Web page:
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Versailles….While Versailles Palace and its gardens, are obviously very beautiful, there is a place that for many, myself included, seems  even more beautiful. The Hameau de la Reine is less known than the Versailles, but is no less worth a visit.

VERSAIILES8Visiting Versailles Palace and its gardens took me almost the entire day. You could lose hours, in the seemingly never-ending gardens of Versailles. I used the time I had left, to explore the more rural side of the complex. The closure of the Versailles doors was nearing and basically I had only two hours left. The fact that Marie Antoinette’s village is in a bit of distance from the main palace wasn’t helping me at all. I thought that I would need forty minutes to get there and the same, to get back. That gave me not more than forty minutes to explore the spot. It had to be enough. If only my way there wouldn’t be interrupted few times by a poor signposting and a field of goats that I couldn’t help but stop to look at.

Eventually I found the village. From the Petit Trianon to the Queen’s Gardens, passing by the Hamlet, the Estate, opened in 2006, reveals Marie Antoinette’s private life. Here, away from the pressures of the Royal Court, and husband, she pretended to be a milkmaid and a farm girl.

VERSAIILES10Marie Antoinette ordered the construction of her hamlet in 1783. The Versailles complex is majestic and beautiful, but the hamlet has a different kind of beauty, one that is more quaint as if it would come out of Snow White or the Sleeping Beauty fairy tales. According to the Queen’s wishes, animals were brought from Switzerland, and were raised on the farm: cows, bulls, calves, goats and sheep. Small orchards of apple trees and cherry trees were also planted.

The Queen’s House is the most important building of the hamlet. In fact, it is composed of two separate buildings joined by a wooden gallery. From the top of the gallery, the lady of Trianon could oversee the work being done in the fields.

Louis XVI’s wife loved this place where she could return to the pleasures of simple, rural pursuits, away from the pomp of Versailles. Maybe a royal life is not so pleasant as it seems. Would you believe that? Sweeping away the old court and its traditions, the queen insisted on living as she wished. In her Trianon domain, which Louis XVI gave her as a gift, she found the haven of privacy, that enabled her to escape from the rigours of court etiquette anytime she grew tired of the hectic lifestyle at Versailles. Nobody could come to the hamlet without her invitation and permission. Only a select group was actually allowed onto the property.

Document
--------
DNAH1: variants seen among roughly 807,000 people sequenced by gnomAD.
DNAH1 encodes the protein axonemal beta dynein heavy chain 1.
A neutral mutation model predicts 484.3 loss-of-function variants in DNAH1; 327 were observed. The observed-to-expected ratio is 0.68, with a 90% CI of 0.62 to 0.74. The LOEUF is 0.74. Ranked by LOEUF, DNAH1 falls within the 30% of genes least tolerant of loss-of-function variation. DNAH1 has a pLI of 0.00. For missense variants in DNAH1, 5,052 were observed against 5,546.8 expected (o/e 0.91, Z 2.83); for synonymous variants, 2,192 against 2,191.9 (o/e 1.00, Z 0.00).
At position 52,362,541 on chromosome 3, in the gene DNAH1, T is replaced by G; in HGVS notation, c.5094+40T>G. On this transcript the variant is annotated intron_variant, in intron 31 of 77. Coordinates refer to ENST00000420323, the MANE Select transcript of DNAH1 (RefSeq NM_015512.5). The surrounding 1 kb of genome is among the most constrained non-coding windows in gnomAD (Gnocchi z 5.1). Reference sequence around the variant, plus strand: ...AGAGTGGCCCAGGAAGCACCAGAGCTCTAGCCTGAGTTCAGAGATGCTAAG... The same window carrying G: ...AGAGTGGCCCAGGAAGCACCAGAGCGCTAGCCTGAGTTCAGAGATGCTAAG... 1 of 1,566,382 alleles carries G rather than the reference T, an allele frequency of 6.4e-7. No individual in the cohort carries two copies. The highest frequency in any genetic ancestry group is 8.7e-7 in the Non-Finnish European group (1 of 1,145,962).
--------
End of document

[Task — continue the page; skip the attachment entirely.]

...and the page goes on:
VERSAIILES9The estate has own lake and a lake tower on it. The Malborough Tower is a sort of beacon towering above the bank of the Big Lake that was the starting point of boat rides or fishing outings. Its upper part was used as an observatory making it possible to communicate with the palace of Versailles via light signals.

The garden that surrenders to Marie Antoinette’s fairytale hamlet is of the English style. Marie Antoinette preferred the VERSAIILES7more natural style of the fashionable English gardens, as opposed to the French order imposed upon meticulous greenhouses and manicured garden and flower beds. A small temple is set amongst this garden. The Temple of Love is sculpted from white marble and houses a statue of Cupid. It looks like a place of romantic trysts, but in real life it served something else. Before the revolution, Marie Antoinette and her friends used to host parties in the garden and plays were performed in the temple.

Everything is just so peaceful, that I think that connoisseurs of countryside life wouldn’t mind spending the rest of their lives there and I guess they would find it very difficult to leave. I was sad that my visit was so short and I had to leave this place so soon; and I’m not a countryside lover.

As beautiful as it is, the construction of the hamlet was controversial. The citizens of France got really riled up about the new estate and palace because they thought it just showed off the excess spending of the royal family. Soon France was about to enter a new path of its history … a path without a King and without a Queen.